• - Way more practical.

  • - Are as practical as an academic education.

  • I can tell you that a big falsehood

  • is that by going to college, you will get something else.

  • You will find success.

  • And one thing that's becoming more and more true,

  • especially as technology is opening up

  • all new means of transmission of information,

  • is that if there were a defined path to success,

  • especially in any sort of creative endeavor,

  • everyone would just follow that defined path.

  • There is no defined path.

  • And college can be a great way

  • to help you find one of those paths,

  • but it is certainly not the only way,

  • and it's certainly not a guarantee

  • that you'll find that trajectory.

  • - Yep, let's move on.

  • - [Voiceover] Andrzej asks, "How do you keep aim

  • "on your goals, and separate yourself from

  • "the demands of the external world?"

  • - Andrzej, I'll take this one first.

  • You know, I don't know what to tell you

  • other than it's unbelievable for me

  • how much the external world has not factored

  • into my decision making, I've talked about,

  • if you've been watching this show long enough

  • that first F on a test in fourth grade

  • and literally making that transition

  • to I'm gonna fight the market,

  • and I've been fighting the market my whole life.

  • I think for me, it was the level of self esteem

  • that my mom instilled in me, plus some level

  • of my own DNA, I think that's the friction at hand.

  • Heck, a lot of the themes of our last question were on this,

  • right, like what does the market want you to do,

  • whether that's your parents or society,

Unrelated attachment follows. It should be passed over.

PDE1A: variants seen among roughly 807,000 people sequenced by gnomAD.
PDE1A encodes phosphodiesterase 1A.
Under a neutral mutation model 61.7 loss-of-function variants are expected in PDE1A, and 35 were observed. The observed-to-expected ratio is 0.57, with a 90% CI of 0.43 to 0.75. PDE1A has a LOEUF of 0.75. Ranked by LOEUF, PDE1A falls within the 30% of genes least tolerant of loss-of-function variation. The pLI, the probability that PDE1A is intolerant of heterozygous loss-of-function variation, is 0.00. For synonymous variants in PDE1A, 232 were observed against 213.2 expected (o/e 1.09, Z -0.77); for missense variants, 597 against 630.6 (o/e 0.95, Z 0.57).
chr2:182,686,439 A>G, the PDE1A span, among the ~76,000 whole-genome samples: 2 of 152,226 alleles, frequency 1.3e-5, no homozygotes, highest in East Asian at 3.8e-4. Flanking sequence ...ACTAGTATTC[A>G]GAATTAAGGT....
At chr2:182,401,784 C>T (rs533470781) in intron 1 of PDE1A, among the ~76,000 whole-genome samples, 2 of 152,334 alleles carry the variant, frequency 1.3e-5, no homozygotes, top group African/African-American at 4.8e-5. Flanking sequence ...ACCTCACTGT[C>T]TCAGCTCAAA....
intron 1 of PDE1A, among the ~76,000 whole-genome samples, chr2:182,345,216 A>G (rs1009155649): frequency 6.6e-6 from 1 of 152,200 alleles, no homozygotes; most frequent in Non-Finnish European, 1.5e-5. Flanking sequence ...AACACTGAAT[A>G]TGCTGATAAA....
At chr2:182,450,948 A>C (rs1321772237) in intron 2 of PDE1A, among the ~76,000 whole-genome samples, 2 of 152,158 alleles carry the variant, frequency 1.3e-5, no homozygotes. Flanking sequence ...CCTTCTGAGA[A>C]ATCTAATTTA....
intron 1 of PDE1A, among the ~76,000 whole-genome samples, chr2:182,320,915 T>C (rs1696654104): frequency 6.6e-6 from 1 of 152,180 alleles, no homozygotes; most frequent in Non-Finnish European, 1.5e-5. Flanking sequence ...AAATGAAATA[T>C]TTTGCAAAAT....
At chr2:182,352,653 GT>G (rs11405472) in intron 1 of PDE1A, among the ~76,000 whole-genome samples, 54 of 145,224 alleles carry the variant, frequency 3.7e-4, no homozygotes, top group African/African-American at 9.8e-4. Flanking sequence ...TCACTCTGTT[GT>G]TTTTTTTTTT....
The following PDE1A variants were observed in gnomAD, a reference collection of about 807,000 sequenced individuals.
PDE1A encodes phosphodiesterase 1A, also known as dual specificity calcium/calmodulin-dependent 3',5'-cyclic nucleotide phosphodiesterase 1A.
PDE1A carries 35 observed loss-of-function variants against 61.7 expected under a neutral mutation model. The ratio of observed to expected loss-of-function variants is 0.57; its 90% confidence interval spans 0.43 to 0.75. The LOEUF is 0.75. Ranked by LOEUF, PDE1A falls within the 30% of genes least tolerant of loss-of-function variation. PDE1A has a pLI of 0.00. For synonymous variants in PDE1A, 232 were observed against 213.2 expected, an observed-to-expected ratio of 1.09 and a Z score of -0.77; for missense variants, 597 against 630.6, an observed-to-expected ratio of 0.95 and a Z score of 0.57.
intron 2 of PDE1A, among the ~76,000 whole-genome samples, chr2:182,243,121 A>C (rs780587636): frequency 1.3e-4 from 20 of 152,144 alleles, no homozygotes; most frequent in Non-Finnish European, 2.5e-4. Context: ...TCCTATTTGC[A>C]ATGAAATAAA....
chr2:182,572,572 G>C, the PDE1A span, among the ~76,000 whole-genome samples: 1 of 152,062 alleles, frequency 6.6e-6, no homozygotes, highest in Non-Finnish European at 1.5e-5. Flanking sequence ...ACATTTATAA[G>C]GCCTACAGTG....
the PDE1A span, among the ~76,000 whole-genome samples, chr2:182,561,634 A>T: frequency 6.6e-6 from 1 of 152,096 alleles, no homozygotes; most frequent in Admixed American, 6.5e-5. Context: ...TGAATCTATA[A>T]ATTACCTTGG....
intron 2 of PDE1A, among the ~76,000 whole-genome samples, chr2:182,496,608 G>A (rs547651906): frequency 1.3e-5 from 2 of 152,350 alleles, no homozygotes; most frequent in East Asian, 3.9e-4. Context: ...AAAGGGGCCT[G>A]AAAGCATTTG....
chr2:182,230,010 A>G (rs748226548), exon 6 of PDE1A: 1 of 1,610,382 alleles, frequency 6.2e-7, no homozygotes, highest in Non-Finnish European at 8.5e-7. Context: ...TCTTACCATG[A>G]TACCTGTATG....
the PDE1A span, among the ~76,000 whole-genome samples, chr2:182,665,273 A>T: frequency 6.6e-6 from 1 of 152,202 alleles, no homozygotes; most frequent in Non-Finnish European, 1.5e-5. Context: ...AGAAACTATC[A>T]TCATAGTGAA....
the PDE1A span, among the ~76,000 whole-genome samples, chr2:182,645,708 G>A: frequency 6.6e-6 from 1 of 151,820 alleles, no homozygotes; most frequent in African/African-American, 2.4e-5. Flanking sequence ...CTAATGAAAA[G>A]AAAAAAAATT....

• versus what you want to do.

  • For me, it has a lot to do with intestinal fortitude.

  • A Gorilla Monsoon WWF reference.

  • You know, I think it's surrounding yourself with people

  • that give you permission to take that risk.

  • That to me is the most practical version

  • of what I'm giving you,

  • other than you've got to be born with it.

  • It's finding those like minded people

  • who are taking those similar risks,

  • and give you, through their own actions,

  • a little more umph, or if you're amazingly lucky

  • to have that parental, or mentor infrastructure above you

  • that created that context.

  • Case.

  • - I think focus is everything.

  • I think that you can do 10 things poorly,

  • or one thing well, and saying, "No,"

  • is something that I only learned late in my career.

  • - I still suck at it.

  • I still suck at it right now.

  • - Saying, "No," is so hard, but the truth is

  • like we're surrounded by leeches,

  • blood suckers, and vampires, and those are people

  • that want to take, take, take, and they don't give back,

  • and learning to say, "No," to those people,

  • learning to say, "No," to all those distractions

  • is the only way to get anywhere.

  • Cause time is finite, life is short.

  • Quickly you find things in life that are really incredible,

  • like family, things that you love,

  • things that you're passionate about

  • that might distract you in a positive way

  • from your career focus.

  • So, you have to learn to shed everything else.

  • - I'm gonna throw a little bit of a curve ball.

  • I get so much happiness out of doing things for people

  • who would be, you know, categorized

  • as the way you just broke it down

  • because I have a weird gear inside of me

  • that has zero expectation for the return

  • on someone's selfishness.

  • I know that's a little bit of a mouthful,

  • but it's just, it's probably why

  • I'm so ridiculously happy.

  • I have such little expectation for the return,

  • it makes me happy to do the give,

  • I sit in front of you knowing I will accomplish

  • less in my career, and amass less wealth,

  • and a lot of other things, less time with my family,

  • which is my number one because I get so much happiness